A 90 year-old woman was duped into handing over £10,000 of her life savings to a criminal posing as a police officer

East London and West Essex Guardian Series: Elderly women targeted by courier fraudsters Elderly women targeted by courier fraudsters

Police in Waltham Forest are warning the elderly and vulnerable against falling victim to courier fraud after two women were targeted on Monday.

The first victim, a 90 year-old woman from Walthamstow received a phone call from a suspect claiming to be a police inspector. 

He told her he was investigating an on-going fraud case and cash from her bank account needed to be forensically tested for finger prints.

The suspect then turned up at her address and took £10,000 cash which had been drawn out of her life savings. 

In the second incident, the suspect claimed to be detective constable George Daley but before he could continue the scam, the 85 year-old woman from Leytonstone hung up the phone and notified the police.

The Victim recognised the call as being part of a scam and hung up the telephone.

Cases of courier fraud are becoming more frequent with criminals finding new and sophisticated ways of duping the vulnerable and elderly community into handing over cash.

Residents are being warned not to give out any personal information over the phone especially banking information such as PIN numbers, or physically handing over bank cards to a courier or taxi driver.  

"The effects of becoming a victim of crime run far deeper than a loss of property or cash. 

"These crimes represent two ladies of senior years who now have the unenviable task of coming to terms with being targeted by a fraudster.

"Courier fraudsters put a huge amount of time and effort into being convincing because the pay-off can be immense.

"We want people to question even truly genuine sounding calls and, most importantly, remember police and banks will never ask for your PIN or bank card, so you should never give these away," said detective superintendent Kevin Baldwin. 

They are advising residents to hang up the phone if these details are requested and to call the police on a different line at least five minutes after the suspected hoax call.

Superintendent Baldwin added: "My officers, working with our borough partners, will continue to pursue these unscrupulous criminals while also raising awareness among those people who could be potential victims.

"Please help us by making sure that anyone you know who may be vulnerable to courier fraud is aware of this scam."

If you have information about this or any other crime please contact police by dialling 101 or call Crimestoppers anonymously on 0800 555 111.

Comments (2)

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1:18pm Fri 4 Jul 14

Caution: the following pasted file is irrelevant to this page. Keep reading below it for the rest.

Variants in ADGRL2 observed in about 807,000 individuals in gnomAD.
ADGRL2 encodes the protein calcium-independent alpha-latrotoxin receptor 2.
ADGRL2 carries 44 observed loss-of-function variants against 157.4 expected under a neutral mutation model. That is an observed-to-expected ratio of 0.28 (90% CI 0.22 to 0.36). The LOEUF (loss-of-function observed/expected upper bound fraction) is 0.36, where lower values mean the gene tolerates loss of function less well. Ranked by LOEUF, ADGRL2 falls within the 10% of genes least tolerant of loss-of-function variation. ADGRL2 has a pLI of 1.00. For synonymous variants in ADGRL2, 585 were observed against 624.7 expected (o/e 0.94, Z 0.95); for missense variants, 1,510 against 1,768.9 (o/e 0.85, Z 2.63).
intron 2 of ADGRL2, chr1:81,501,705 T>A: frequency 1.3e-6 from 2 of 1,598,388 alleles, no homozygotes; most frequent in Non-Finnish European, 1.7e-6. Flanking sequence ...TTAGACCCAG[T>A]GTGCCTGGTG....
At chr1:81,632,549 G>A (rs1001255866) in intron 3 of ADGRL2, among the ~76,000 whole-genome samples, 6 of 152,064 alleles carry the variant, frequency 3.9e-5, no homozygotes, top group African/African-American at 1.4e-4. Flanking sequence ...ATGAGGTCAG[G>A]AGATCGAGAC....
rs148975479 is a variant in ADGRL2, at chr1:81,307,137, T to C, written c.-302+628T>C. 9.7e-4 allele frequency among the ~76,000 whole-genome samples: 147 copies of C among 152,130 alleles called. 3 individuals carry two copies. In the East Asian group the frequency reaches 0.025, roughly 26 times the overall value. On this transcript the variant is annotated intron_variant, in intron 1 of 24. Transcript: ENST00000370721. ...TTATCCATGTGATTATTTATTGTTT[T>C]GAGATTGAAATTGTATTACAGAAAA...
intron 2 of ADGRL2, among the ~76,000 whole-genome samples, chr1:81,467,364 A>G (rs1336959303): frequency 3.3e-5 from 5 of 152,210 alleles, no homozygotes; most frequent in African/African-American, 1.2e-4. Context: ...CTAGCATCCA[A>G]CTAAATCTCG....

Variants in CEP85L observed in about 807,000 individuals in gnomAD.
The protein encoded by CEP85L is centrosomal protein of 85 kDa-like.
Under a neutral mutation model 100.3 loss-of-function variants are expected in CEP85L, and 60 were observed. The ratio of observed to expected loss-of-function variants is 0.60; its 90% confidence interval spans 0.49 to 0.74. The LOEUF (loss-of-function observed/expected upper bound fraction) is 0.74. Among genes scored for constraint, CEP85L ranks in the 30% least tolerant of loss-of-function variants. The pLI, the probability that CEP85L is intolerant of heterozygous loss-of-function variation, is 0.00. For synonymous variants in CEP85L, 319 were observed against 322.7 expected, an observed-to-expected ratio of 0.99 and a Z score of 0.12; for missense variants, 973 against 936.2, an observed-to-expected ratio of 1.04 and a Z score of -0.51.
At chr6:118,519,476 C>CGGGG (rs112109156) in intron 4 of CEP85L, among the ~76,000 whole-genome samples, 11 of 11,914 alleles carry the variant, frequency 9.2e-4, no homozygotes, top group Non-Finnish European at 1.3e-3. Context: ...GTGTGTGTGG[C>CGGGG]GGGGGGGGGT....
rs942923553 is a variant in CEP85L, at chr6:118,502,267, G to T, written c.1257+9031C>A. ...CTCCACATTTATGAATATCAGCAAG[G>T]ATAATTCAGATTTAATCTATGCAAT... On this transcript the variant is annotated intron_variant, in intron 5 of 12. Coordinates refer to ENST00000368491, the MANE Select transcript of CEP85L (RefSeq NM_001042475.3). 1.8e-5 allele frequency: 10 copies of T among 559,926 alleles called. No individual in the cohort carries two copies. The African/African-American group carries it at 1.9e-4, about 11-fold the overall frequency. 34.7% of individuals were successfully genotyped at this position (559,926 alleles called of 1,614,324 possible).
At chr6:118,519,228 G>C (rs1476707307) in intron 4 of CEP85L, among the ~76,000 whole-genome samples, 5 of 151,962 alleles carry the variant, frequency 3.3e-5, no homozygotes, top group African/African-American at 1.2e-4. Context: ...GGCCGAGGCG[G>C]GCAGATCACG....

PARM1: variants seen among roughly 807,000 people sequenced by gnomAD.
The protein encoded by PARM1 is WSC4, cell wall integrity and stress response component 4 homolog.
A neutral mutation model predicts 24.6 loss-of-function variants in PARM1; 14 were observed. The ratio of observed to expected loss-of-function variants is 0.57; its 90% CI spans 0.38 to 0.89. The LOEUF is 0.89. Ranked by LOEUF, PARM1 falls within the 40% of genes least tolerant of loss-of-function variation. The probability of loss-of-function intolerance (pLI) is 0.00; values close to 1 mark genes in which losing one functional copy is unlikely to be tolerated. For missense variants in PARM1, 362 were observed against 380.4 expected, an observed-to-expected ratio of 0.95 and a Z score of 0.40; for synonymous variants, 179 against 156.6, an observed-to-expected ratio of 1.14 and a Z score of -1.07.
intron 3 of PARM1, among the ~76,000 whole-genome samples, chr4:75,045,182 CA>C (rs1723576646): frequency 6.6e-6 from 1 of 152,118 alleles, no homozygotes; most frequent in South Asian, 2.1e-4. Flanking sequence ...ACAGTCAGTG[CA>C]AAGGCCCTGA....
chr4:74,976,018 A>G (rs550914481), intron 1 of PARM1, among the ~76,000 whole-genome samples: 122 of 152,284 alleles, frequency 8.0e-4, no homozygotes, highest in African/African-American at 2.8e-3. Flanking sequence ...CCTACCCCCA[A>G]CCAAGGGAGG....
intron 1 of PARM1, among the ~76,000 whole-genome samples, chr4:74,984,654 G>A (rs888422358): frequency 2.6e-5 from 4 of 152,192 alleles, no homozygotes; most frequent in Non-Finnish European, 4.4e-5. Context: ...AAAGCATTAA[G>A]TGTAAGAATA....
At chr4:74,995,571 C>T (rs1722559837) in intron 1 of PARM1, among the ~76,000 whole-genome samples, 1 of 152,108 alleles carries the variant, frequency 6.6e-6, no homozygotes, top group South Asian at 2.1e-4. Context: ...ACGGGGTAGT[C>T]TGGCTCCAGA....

G_Whiz says...

Will this lady get her money back? Criminal compensation fund? Police, charity, A collection.

Does anyone know the answer to that - or do we all just ignore that side of the story?.

IF OUR Authorities want criminals roaming the streets without a care in the world, no real deterrents, a Police force that cannot cope and a liberal media that just makes excuses for criminals.
Then surely our Authorities should cough up?

Please someone, just reassure me this lady will be ok?
Will this lady get her money back? Criminal compensation fund? Police, charity, A collection. Does anyone know the answer to that - or do we all just ignore that side of the story?. IF OUR Authorities want criminals roaming the streets without a care in the world, no real deterrents, a Police force that cannot cope and a liberal media that just makes excuses for criminals. Then surely our Authorities should cough up? Please someone, just reassure me this lady will be ok? G_Whiz
  • Score: 4

4:04pm Fri 4 Jul 14

myopinioncounts says...

I had a call from a Company I had placed an order with online, saying my credit card had been declined and asking me to give the details of the card number, expiry date and security code. I did so, only later realising that if it had been a scam (which it was not) I had fallen for it. I should have asked THEM to give ME the card details to confirm they were correct. So easy to be taken in on the spur of the moment.
I had a call from a Company I had placed an order with online, saying my credit card had been declined and asking me to give the details of the card number, expiry date and security code. I did so, only later realising that if it had been a scam (which it was not) I had fallen for it. I should have asked THEM to give ME the card details to confirm they were correct. So easy to be taken in on the spur of the moment. myopinioncounts
  • Score: 1
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